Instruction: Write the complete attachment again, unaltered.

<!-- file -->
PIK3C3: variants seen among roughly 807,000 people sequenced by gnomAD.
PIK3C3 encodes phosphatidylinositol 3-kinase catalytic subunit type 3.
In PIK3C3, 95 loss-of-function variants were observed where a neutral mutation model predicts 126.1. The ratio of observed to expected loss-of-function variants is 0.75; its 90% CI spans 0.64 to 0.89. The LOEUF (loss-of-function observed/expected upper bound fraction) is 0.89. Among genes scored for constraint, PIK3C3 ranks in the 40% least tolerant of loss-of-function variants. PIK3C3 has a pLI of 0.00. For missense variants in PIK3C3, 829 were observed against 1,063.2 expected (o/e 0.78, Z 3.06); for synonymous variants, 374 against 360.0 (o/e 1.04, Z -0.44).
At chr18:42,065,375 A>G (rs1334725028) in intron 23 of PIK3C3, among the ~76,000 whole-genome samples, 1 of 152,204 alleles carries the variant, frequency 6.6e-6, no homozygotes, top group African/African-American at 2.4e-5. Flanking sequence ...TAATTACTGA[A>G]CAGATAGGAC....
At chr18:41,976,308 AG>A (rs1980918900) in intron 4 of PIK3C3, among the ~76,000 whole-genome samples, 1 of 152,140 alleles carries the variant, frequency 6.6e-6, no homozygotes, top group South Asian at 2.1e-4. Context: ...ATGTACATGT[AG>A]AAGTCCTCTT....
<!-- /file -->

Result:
PIK3C3: variants seen among roughly 807,000 people sequenced by gnomAD.
PIK3C3 encodes phosphatidylinositol 3-kinase catalytic subunit type 3.
In PIK3C3, 95 loss-of-function variants were observed where a neutral mutation model predicts 126.1. The ratio of observed to expected loss-of-function variants is 0.75; its 90% CI spans 0.64 to 0.89. The LOEUF (loss-of-function observed/expected upper bound fraction) is 0.89. Among genes scored for constraint, PIK3C3 ranks in the 40% least tolerant of loss-of-function variants. PIK3C3 has a pLI of 0.00. For missense variants in PIK3C3, 829 were observed against 1,063.2 expected (o/e 0.78, Z 3.06); for synonymous variants, 374 against 360.0 (o/e 1.04, Z -0.44).
At chr18:42,065,375 A>G (rs1334725028) in intron 23 of PIK3C3, among the ~76,000 whole-genome samples, 1 of 152,204 alleles carries the variant, frequency 6.6e-6, no homozygotes, top group African/African-American at 2.4e-5. Flanking sequence ...TAATTACTGA[A>G]CAGATAGGAC....
At chr18:41,976,308 AG>A (rs1980918900) in intron 4 of PIK3C3, among the ~76,000 whole-genome samples, 1 of 152,140 alleles carries the variant, frequency 6.6e-6, no homozygotes, top group South Asian at 2.1e-4. Context: ...ATGTACATGT[AG>A]AAGTCCTCTT....